But our world is evolving, and to prepare children for life beyond the classroom, we must ensure that our teachers are digitally adept if there is any hope that technology will be used effectively in schools.

To create a culture that embraces edtech, it is vital to get all teachers onside. This means investing in products that are simple to use, which come with easy to understand support, and which enhance – rather than obstruct – tried and tested teaching methods.

4. Boost teacher engagement

As we have discussed, getting teachers receptive to technology is a must if you want your edtech rollout to be a success. To help you to do this, get people involved early in the process.

Rather than foisting tech on educators, tap into their insights, find out what their challenges are, and show them how technology can help.

For example, if a lack of time is the problem, demonstrate how the ability to automate marking, carry out online assessments and track student progress with reporting tools and analytics can free teachers to focus their energies on teaching and learning. Teachers want to do the job at hand, and this means getting rid of anything that stops them from doing that; be that unnecessary paperwork or bad behaviour.

Of course, training is also essential when it comes to boosting teacher engagement. Talk to teachers to find out what they need to feel confident when using new edtech (e.g. guides, case studies, videos, training, regular drop-in sessions, etc.).

5. Make sure your installation is carried out correctly

Once you have established what you want the edtech to achieve, and have everyone on board, it is crucial that your installation is a success if you don’t want to lose your hard-gained support.

Where appropriate, things to consider to ensure the minimum amount of disruption during any IT installation include:

  • Has an assessment been made of the desired location to ensure that nothing has been overlooked within the teaching space? A site survey will allow you to gather information that can be shared with all parties involved in the installation process before the work starts. For example, if you are mounting an ActivPanel, is the wall suitable and do you have the necessary electrical outlets?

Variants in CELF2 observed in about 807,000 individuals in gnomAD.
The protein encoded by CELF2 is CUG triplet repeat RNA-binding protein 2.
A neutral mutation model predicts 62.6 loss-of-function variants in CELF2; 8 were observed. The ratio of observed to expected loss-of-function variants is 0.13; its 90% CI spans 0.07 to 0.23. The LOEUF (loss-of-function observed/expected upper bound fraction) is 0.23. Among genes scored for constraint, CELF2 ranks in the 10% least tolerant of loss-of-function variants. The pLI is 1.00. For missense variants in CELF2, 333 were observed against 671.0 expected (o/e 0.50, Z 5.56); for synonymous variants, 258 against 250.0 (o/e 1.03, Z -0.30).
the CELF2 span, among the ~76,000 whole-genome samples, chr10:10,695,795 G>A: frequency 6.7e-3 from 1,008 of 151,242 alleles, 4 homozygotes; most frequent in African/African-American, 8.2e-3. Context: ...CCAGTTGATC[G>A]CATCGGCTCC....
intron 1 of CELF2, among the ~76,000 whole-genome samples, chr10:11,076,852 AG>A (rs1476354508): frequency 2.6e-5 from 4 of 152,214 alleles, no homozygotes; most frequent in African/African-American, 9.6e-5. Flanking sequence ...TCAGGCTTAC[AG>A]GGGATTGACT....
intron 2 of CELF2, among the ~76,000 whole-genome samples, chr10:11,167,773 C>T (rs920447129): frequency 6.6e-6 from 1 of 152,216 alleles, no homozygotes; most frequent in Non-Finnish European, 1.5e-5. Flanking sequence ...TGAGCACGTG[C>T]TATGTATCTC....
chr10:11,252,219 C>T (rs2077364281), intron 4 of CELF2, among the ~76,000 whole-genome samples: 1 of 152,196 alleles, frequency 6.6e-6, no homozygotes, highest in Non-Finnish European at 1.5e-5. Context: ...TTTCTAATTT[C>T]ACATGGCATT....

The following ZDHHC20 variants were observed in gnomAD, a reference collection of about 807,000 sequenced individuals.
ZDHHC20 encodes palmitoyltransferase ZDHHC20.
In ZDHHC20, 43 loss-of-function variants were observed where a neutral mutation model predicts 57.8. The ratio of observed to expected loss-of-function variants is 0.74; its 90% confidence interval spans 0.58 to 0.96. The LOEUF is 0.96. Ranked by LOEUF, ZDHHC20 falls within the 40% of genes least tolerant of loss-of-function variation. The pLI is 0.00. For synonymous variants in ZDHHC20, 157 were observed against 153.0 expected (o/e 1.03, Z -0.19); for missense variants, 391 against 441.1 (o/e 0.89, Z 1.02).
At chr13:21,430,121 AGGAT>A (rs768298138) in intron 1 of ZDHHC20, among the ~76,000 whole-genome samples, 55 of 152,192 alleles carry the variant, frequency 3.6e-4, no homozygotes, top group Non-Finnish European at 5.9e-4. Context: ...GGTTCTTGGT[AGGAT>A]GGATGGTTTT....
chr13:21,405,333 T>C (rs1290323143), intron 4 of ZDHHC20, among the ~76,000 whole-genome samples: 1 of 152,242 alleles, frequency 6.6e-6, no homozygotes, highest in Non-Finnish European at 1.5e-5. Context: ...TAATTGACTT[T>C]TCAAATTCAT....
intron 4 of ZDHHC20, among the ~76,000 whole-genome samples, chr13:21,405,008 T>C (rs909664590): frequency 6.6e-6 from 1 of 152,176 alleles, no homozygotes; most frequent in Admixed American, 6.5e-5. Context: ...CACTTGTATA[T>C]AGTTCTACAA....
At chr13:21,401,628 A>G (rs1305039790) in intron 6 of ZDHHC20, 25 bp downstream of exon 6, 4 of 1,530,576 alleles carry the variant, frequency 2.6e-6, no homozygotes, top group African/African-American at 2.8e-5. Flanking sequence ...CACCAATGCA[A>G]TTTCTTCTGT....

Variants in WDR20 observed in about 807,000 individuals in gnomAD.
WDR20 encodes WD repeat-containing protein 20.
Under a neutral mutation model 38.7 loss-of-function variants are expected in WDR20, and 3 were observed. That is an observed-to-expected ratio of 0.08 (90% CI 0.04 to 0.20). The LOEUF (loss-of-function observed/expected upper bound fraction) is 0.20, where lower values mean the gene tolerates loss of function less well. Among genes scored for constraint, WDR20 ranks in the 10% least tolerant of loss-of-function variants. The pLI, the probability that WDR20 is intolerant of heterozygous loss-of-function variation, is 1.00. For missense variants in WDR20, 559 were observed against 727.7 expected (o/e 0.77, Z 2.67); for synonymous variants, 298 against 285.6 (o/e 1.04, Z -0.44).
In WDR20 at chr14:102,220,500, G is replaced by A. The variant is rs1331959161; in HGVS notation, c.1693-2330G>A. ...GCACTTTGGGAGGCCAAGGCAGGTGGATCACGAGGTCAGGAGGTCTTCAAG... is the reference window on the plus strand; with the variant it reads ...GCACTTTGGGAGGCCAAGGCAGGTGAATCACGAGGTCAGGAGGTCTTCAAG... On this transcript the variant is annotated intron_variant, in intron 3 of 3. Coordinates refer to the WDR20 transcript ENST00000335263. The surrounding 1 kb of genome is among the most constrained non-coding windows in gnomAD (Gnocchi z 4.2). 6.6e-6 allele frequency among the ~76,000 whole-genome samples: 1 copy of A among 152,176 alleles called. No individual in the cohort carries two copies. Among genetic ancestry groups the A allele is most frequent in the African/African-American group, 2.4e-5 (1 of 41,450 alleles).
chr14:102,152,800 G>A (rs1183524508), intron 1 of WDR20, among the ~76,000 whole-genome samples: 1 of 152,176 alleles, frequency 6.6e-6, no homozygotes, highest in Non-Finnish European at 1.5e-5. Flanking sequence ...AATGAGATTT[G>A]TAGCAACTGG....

• Have you created a Statement of Works? This ensures everyone knows what is expected of them before the installation begins. Things to consider include room access, storage, timescales, the order of installation etc.
  • Do you have a full list of the products to be installed? This will ensure that all the product(s) are fully operational as designed. You should also make sure that any associated operational items (e.g. remote control, pens, user guides, etc.) are provided.

Installation is a significant part of any edtech roll out, so it is vital to get it right. Many IT suppliers will not warrant any fault occurring due to improper installation.

At Promethean, we offer a range of installation support options for MATs and independent schools. From installing onsite for you to training your own installation team, we ensure that your setup underpins your investment and allows the real benefits of educational technology to be realised.

Found this interesting? Why not share it:

Read more articles about:

EdtechIT Strategy